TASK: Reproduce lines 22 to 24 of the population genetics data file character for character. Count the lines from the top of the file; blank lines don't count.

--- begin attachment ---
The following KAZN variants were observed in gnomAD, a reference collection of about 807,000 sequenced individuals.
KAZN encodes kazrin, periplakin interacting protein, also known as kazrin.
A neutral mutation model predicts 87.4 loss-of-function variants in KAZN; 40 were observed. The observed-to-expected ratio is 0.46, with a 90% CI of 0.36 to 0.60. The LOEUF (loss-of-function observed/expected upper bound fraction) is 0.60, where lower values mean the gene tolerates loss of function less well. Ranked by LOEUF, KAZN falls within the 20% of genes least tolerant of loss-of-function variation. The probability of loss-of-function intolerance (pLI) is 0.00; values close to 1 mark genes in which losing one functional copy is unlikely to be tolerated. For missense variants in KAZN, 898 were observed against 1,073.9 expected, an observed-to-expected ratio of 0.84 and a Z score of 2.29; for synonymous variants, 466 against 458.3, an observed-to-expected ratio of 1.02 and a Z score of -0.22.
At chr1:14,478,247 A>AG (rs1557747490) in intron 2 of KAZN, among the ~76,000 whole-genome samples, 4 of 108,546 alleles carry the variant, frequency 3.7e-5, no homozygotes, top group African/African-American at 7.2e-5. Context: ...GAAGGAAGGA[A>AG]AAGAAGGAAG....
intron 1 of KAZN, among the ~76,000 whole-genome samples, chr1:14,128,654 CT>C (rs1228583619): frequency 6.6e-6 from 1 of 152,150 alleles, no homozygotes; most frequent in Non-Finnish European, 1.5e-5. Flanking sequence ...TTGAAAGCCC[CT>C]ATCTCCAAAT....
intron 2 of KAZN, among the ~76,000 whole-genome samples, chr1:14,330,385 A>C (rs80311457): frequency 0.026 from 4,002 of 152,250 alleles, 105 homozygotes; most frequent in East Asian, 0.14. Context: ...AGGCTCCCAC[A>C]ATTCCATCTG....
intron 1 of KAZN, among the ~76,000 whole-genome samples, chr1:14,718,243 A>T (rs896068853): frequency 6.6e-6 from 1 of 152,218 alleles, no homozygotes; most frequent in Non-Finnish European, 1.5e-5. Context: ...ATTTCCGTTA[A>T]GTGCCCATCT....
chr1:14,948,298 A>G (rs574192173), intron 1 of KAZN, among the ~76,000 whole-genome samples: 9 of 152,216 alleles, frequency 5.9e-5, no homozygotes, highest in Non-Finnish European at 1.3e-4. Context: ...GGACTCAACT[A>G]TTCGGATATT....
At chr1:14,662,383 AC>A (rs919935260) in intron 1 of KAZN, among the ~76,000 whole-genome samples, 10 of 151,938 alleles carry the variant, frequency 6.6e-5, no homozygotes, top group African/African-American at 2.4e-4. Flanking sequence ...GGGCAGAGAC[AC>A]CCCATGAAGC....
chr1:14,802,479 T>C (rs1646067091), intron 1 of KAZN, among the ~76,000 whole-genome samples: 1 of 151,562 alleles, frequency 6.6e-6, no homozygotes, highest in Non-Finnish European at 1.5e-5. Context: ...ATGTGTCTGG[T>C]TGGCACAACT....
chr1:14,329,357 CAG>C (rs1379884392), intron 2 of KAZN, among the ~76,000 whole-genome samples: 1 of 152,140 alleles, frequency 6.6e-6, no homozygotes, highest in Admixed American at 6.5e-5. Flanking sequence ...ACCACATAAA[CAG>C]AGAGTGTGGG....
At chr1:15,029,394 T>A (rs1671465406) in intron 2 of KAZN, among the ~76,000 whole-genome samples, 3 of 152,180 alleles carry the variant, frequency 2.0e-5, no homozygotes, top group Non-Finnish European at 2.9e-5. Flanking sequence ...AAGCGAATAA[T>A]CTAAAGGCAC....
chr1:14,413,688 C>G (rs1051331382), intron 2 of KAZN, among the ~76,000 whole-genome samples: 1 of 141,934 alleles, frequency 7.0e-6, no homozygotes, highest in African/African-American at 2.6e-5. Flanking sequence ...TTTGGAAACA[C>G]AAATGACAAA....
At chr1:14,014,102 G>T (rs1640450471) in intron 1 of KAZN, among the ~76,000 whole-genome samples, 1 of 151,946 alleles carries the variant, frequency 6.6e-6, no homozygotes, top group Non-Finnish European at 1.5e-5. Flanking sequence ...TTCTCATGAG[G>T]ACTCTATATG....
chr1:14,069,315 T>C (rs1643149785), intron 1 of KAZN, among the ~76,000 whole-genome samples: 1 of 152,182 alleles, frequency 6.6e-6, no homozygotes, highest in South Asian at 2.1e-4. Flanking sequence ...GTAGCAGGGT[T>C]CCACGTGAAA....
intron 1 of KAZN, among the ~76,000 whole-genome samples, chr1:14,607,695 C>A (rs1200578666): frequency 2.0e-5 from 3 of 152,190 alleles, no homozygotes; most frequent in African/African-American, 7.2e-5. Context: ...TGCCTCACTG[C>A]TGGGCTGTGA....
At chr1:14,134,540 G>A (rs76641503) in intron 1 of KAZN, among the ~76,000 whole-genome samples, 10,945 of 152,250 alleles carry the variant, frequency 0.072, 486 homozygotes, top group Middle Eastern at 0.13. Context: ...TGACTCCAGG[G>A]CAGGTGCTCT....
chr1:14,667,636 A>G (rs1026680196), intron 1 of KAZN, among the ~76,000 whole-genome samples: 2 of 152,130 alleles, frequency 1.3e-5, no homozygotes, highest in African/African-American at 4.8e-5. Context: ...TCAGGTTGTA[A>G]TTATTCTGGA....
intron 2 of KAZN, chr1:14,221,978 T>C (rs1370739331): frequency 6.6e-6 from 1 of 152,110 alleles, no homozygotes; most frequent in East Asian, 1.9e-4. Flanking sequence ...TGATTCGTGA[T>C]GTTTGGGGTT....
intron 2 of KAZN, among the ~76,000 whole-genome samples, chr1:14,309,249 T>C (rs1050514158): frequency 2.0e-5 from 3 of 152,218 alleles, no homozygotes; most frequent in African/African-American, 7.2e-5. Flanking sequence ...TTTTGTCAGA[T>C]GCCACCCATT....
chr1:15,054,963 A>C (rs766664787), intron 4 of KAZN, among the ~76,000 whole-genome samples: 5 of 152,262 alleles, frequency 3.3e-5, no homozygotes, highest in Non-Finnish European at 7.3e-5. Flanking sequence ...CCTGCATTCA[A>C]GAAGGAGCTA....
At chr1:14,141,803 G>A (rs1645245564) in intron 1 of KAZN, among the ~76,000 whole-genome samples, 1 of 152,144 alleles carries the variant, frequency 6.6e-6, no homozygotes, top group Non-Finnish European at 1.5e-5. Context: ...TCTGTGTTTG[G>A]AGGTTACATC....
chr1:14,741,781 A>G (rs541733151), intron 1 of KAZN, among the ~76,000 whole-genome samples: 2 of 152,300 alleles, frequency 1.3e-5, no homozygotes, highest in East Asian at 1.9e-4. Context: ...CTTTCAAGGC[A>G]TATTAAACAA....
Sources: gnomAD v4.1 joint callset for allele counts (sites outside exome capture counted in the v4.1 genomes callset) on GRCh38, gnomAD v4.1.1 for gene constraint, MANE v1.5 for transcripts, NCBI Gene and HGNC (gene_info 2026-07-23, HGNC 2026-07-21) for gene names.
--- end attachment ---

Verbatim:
At chr1:14,141,803 G>A (rs1645245564) in intron 1 of KAZN, among the ~76,000 whole-genome samples, 1 of 152,144 alleles carries the variant, frequency 6.6e-6, no homozygotes, top group Non-Finnish European at 1.5e-5. Context: ...TCTGTGTTTG[G>A]AGGTTACATC....
chr1:14,741,781 A>G (rs541733151), intron 1 of KAZN, among the ~76,000 whole-genome samples: 2 of 152,300 alleles, frequency 1.3e-5, no homozygotes, highest in East Asian at 1.9e-4. Context: ...CTTTCAAGGC[A>G]TATTAAACAA....
Sources: gnomAD v4.1 joint callset for allele counts (sites outside exome capture counted in the v4.1 genomes callset) on GRCh38, gnomAD v4.1.1 for gene constraint, MANE v1.5 for transcripts, NCBI Gene and HGNC (gene_info 2026-07-23, HGNC 2026-07-21) for gene names.